Legal problems with the land ownership in Germany
When an employer makes a promise to a prospective employee which the latter relies upon in taking up the
employment the client will be bound by it. Finally, the doctrine is
not permanent. Thus in one case a licence for the use of a patent provided that the licensees should pay
compensation if they manufactured more than an agreed number of articles covered by the patent. The owners of
the patent agreed to suspend their right to compensation while a fresh agreement was being negotiated. And this
they did. But it was held that, upon conclusion of the negotiations, they were entitled to renew their
claim to compensation.
Beside the doctrine of promissory estoppel recent decisions have also focussed upon another old, similar, yet
distinct, equitable doctrine, usually called 'proprietary estoppel'. This relates to cases where one person
leads another to suppose that he is granting, or will grant, the other rights over his property and the other
acts to his detriment in reliance upon the real or supposed grant. Thus, for example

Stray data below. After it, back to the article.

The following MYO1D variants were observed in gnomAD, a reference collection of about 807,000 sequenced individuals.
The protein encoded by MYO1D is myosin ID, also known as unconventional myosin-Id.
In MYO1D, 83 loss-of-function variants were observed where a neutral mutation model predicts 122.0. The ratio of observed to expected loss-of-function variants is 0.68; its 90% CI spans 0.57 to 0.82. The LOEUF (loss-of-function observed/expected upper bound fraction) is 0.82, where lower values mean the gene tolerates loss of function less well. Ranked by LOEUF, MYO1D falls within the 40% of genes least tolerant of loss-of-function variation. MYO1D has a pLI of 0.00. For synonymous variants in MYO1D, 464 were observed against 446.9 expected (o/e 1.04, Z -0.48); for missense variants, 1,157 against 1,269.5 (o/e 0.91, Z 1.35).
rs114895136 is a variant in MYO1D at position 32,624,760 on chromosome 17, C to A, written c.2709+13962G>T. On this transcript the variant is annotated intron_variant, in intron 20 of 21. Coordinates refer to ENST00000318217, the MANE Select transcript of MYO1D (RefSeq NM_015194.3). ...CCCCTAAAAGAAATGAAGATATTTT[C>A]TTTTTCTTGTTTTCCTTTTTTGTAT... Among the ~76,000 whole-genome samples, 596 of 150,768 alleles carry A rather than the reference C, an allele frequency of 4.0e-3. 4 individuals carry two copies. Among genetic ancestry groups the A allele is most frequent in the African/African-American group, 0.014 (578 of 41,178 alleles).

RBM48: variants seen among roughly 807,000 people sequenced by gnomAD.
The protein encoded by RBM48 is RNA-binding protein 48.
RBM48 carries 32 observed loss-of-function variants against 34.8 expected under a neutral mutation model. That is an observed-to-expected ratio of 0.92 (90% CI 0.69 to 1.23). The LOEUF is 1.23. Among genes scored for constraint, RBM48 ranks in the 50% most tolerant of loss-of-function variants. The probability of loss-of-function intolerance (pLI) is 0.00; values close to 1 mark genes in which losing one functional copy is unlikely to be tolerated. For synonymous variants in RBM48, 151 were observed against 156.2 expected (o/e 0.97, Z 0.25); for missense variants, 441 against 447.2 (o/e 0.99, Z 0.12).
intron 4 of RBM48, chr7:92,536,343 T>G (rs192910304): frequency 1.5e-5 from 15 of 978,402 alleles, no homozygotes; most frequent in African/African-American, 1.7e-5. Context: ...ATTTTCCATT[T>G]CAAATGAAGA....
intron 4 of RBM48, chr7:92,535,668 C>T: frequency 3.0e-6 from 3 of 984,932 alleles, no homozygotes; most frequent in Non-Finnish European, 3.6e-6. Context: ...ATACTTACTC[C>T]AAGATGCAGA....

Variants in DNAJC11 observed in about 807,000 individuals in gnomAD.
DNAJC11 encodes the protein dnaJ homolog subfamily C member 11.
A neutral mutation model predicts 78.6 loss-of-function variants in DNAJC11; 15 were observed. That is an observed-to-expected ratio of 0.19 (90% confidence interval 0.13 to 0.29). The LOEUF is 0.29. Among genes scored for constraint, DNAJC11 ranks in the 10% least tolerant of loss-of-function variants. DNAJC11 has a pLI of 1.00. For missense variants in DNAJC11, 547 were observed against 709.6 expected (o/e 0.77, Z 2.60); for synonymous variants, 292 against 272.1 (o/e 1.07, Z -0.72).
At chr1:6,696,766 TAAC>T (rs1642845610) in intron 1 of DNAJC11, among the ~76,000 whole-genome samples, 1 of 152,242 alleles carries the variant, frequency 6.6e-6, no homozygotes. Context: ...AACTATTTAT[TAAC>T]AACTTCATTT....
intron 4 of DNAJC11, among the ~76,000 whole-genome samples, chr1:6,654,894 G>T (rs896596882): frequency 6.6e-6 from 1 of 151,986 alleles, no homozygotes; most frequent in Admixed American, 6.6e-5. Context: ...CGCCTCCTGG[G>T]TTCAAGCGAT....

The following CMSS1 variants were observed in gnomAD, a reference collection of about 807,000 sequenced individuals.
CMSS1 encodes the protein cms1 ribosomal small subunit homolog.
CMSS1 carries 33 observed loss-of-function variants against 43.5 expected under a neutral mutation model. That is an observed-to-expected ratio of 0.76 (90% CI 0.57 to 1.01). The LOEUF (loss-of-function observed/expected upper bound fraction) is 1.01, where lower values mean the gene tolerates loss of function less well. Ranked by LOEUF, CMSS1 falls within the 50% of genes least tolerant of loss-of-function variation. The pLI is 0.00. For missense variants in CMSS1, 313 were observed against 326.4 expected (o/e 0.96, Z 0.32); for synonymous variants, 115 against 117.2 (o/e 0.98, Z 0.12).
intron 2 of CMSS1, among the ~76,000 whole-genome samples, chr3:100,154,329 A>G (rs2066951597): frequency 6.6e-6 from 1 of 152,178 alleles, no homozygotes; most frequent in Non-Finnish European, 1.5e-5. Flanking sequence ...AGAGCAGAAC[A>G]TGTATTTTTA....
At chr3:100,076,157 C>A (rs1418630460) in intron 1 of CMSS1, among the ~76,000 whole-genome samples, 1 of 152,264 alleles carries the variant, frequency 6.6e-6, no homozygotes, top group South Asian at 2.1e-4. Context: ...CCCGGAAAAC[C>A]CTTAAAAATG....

a father (without consideration) encouraged his son to build, at the son's expense, a bungalow on his
(the lawyer's) land; which the son did. The father's executors sought to evict the son. It was held that they
were not entitled to do so: the son had
on the bungalow and, thus having acted to his detriment,
the lawyers were estopped from evicting him. There have recently been many similar decisions.
Properties in Germany
Both these doctrines are as yet indeterminate in their scope. But it can be said that there are certain clear
differences between them. First, proprietary estoppel is confined to cases where one person encourages another
to use his land (or, possibly, other
properties in Germany)
- promissory estoppel is not so confined. Second, in proprietary estoppel the person acting on the promise must
have acted not only in reliance on it, but also to his detriment; in promissory estoppel there is no
requirement of detriment, only reliance.
Third, in proprietary estoppel the reliance may depend upon a promise which is merely implied: in promissory
estoppel the promise must be clear and unambiguous. Fourth, whereas (see above) promissory estoppel cannot
of itself ground a claim, but can only act as a defence, in proprietary estoppel the plaintiff can support a
claim on the basis of the defendant's behaviour. Thus where the defendants allowed the plaintiff to make use
of a right of way over their land, and then blocked it up, it was held that the plaintiff was entitled to an
injunction to restrain them from doing so.